Isn’t The Promise Of Liberation A Cheap Ploy To Increase Followers

[Krishna's lotus feet]“Abandon all varieties of religion and just surrender unto Me. I shall deliver you from all sinful reaction. Do not fear.” (Lord Krishna, Bhagavad-gita, 18.66)

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Friend1: We went over this one day.

Friend2: What?

Friend1: The idea of promising increased wealth for following bhakti-yoga.

Friend2: You mean lying to people? Telling something you know to be untrue in order to get them through the door?

Friend1: Right, to increase the attendance figures. To catch their attention. You concluded that it wasn’t worth it since they could easily see through the ruse. A quick survey of practicing devotees shows that increased wealth doesn’t necessarily follow chanting the holy names.

Friend2: There is the comparison made between devotees of Shiva and Vishnu. Worshiping Mahadeva, the destroyer, it is not difficult to please him.

Friend1: Hence the name Ashutosha.

Friend2: And so you can ask him for anything, including wealth. Vishnu devotees, on the other hand, might end up poorer as a result of approaching Him. Something to ponder, for sure.

[Lord Vishnu]Friend1: I know the explanation is that Vishnu is also known as Hari. He might take away something important to you, or at least what you think is important.

Friend2: If it is an impediment in the practice of devotion. The idea is that He helps to remove distractions, whereas Shiva doesn’t want to be bothered by petty requests. “Here, take your money and leave me alone. Let me get back to worshiping Vishnu.”

Friend1: Yeah, that is another aspect to ponder. Shiva is himself a devotee of Vishnu. Mahadeva is the most renounced person.

Friend2: He lives in a cave with his wife. He doesn’t require anything except a place to sit. Then he is happy.

Friend1: The money angle won’t work, but here is something to think about. You know how other religions gain followers?

Friend2: I am not an expert on other religions or divisions of faith. That is your area of interest, exclusively.

Friend1: Very funny. Anyway, what I’m referring to is the whole, “You better follow or you’re going to hell,” argument.

Friend2: Yes, that is standard. More of a threat. A similar one is, “You better accept or I’m going to kill you.”

Friend1: Coercion in either case. To me, something similar is the promise of enjoyment in heaven in the afterlife.

Friend2: Be more specific.

Friend1: If you accept such and such as the savior, you will be saved. Specifically, you will enjoy in heaven for eternity. Suffer a little now to gain a lot in the future. You don’t want to take a chance, do you?

Friend2: Spiritual life should, at a minimum, include descriptions of the unknown, particularly what will happen after death.

Friend1: Here is my question for the day. Is not the famous verse from the Bhagavad-gita doing the same thing, where Krishna promises to deliver from all sinful reaction if someone surrenders?

Friend2: To you that is the same as a blanket promise of eternal life in heaven for following blindly?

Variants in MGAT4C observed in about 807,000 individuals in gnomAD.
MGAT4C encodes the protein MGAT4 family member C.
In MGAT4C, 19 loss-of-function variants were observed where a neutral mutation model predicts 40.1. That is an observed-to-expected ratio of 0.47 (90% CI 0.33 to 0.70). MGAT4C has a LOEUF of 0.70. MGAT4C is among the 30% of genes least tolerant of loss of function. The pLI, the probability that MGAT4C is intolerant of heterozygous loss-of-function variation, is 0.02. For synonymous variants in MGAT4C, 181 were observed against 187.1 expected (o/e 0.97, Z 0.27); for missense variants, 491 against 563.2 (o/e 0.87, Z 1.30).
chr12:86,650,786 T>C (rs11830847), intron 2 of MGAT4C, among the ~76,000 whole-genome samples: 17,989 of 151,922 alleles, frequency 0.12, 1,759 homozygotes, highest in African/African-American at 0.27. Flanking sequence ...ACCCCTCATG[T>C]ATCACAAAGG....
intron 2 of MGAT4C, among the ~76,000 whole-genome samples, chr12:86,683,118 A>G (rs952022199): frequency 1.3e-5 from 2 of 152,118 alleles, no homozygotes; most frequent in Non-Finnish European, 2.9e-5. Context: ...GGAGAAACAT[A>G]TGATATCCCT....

Friend1: Forget the following part. I’m talking about the promise. If you present that verse to someone, isn’t that an easy way to increase the number of followers?

Friend2: Is that what you think it is? A ploy?

Friend1: Someone could use it that way. Open to the page in the Bhagavad-gita and read the verse. Then tell the person to surrender to Krishna.

Friend2: You realize that the verse comes at the conclusion of the Bhagavad-gita. Conclusion means that there is a beginning. The middle is quite substantive, as well. If a person reads only the beginning, they receive knowledge that is not available anywhere else. We’re talking knowledge here, not just faith. Truths that apply to the right now, to how life is lived in any era.

Friend1: I get all that, but I’m talking about the promise. It seems awfully similar.

Friend2: Krishna explains heaven and hell and life in between. He describes the difference between matter and spirit. He even explains what surrender is. It is consciousness. It is not merely an acknowledgment of faith. He didn’t tell Arjuna to simply have faith and then do whatever he wanted going forward, that actions are meaningless. There was no pledge to sign.

Friend1: But Krishna will deliver. There will be no sinful reactions because of the surrender.

Friend2: Surrender means consciousness. That is the distinction, and one that is important to acknowledge, accept and understand. You will feel the benefits of liberation before death. You are not just relying on hope. You’ve heard of the term jivan-mukta.

Friend1: Yes. Liberated in this very life.

[Krishna's lotus feet]Friend2: No need to wait for the afterlife. The promise has nothing to do with attracting followers. Let everyone reclaim what is rightfully theirs: ananda. This is real bliss that doesn’t have to wait until after death to arrive. Bhakti-yoga is a way of living; much more than faith. Practice the principles and see for yourself. Jnana and vijnana, knowledge and practical realization, go well beyond the, “Follow or you’re going to hell,” argument.

In Closing:

“Follow or you’re going to hell,”

The zealous preacher to tell.

Or that heaven to enjoy from accepting,

Out of fear people not rejecting.

Promise of Gita not similar how,

Since benefit from abandoning now?

After extended discussion, at conclusion to see,

Real meaning that the consciousness to free.

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